Well, yes the whole story could be a anti legion x fretensis story (anti romans story)

http://i.ebayimg.com/12/!CB8kT2!CGk~$(KGrHqUOKjEE0lRmC9ZYBNJh6heepg~~_1.JPG?set_id=880000500F


#12

So do you deny it happened?


#13

As to the herders being Gentiles, that is not certain–remember the prodigal son kept pigs before he returned to his father. Jews and Gentiles lived in the same communities in some areas, such as Galilee and Samaria. And Jesus had come first to his own people, not the Gentiles. He did very few miracles for Gentiles, and sometimes under protest that he hadn’t come to minister to them. In any case, no one suffered any great loss due to this incident. Luke’s purpose was to tell us that Christ had power over the devil and his forces, which is the important thing he intended us to take away from it.


#14

Jesus going to Samaria was shocking to his followers because no Jew went there.

The Samaritan woman said to him, “How is it that you, a Jew, ask a drink of me, a woman of Samar’ia?” For Jews have no dealings with Samaritans. (John 4:9)

Jesus cured many sick in Gennes’aret. This was Gentile land. (Mark 6)

Jesus cast out a demon from the woman’s daughter in the region of Tyre and Sidon (Mark 7:24). This was Gentile land, not Jewish.

Jesus healed the deaf, mute man in the region of the Decapolis, again Gentile land. (Mark 7:31)

Jesus fed 4000 Gentiles with miraculous bread in Matthew 15. These were Gentiles, not Jews.

-Tim-


#15

I did say there were a few instances in which Jesus did miracles for Gentiles. :shrug: None of the verses you cited tell me that the herders couldn’t have been Jewish. None at all. :rolleyes:


#16

The Galilee in Jesus’ day was mostly Jewish in terms of population (a consistent lack of pig bones for 1st century Galilean sites, burials in Jewish fashion, pools or miqveh for ritual purificatory baths) and pretty much Jewish in terms of government (the coins Antipas minted were Jewish-friendly: no graven images of pagan gods or any human or animal). There would have been some gentiles there (after all, Antipas’ personal army would have included recruits from non-Jewish areas, just like that of his father Herod the Great), but were apparently not so numerous or even influential in Galilean life since they are practically invisible in the archaeological record and are not prominent in literary discussions of the area.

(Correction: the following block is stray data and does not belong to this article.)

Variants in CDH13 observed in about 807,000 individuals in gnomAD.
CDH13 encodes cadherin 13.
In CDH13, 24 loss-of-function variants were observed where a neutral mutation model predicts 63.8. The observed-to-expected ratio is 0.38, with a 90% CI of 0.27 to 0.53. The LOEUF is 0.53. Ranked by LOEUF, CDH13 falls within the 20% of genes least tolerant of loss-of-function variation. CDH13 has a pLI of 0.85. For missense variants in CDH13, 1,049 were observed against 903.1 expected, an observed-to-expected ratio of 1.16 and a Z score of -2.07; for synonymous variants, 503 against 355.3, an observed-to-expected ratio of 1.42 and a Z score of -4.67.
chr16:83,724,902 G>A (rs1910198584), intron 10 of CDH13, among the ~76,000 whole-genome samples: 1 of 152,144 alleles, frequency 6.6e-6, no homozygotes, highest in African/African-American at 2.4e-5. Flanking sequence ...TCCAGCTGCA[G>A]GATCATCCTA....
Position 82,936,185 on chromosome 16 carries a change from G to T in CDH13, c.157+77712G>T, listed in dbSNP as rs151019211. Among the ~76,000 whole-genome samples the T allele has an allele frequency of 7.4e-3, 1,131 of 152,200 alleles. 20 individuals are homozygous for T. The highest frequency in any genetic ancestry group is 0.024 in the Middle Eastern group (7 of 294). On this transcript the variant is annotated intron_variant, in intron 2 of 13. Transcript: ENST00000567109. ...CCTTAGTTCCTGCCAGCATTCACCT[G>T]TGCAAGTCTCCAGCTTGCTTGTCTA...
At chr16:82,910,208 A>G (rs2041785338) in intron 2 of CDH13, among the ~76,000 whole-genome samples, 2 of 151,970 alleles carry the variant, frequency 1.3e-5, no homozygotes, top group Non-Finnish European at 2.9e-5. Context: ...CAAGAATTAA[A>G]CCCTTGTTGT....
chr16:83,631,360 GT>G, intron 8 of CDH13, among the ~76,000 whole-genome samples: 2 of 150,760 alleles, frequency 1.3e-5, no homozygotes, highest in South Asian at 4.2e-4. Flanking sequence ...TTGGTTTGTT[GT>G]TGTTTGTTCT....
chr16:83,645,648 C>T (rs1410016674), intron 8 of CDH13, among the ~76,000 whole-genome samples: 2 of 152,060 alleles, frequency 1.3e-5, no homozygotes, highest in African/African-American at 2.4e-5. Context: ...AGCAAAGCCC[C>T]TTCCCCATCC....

Now the Galilee was surrounded by gentile areas, however. The Decapolis region (where Gerasa and Gadara are) was not part of the Galilee tetrarchy, since these cities were autonomous. Caesarea Philippi was part of Philip’s tetrarchy (but for that matter, so was Bethsaida - which is a Jewish area), Tyre and Sidon was part of the Roman province of Syria.


#17

1). The PS didn’t keep pigs; he worked for someone who did; and not by choice. The “distant country” he went to was probably a Gentile nation bordering Israel.

  1. while our LORD did protest on occasion about ministry to Gentiles. He did not scorn to go to Samaria, Peraea, Sidon and Tyre, etc.

ICXC NIKA


#18

I didn’t say he owned them, but that he kept them–for another person. Gees Louise! Talk about nitpicking! :stuck_out_tongue:

  1. while our LORD did protest on occasion about ministry to Gentiles. He did not scorn to go to Samaria, Peraea, Sidon and Tyre, etc.

ICXC NIKA

Sigh! I never claimed that he didn’t. Nor did I claim he never did miracles for Gentiles. Can we please get back to the OP’s topic---------now? :shrug:


#19

There might be a practical reason behind Jesus going in those places. Antipas killed John the Baptist, and according to Luke, some Pharisees slipped in to Jesus that Antipas was planning to kill Him too. That might have provided Jesus a reason to lie low for a moment and leave the Galilee.

As an aside, there were Jewish communities in Tyre and Sidon, apparently. Later rabbinic sources even speak of villages in the region of Tyre that have become “forbidden” (i.e. became Jewish - in contrast with ‘permitted’ gentile territories; the ‘prohibition’ refers to the ban on working lands during the sabbatical year). At least, that might be another reason why Jesus decided to visit those areas.


#20

Jesus fed 4000 gentiles with miraculous bread. That’s all we really need to know.

-Tim-


DISCLAIMER: The views and opinions expressed in these forums do not necessarily reflect those of Catholic Answers. For official apologetics resources please visit www.catholic.com.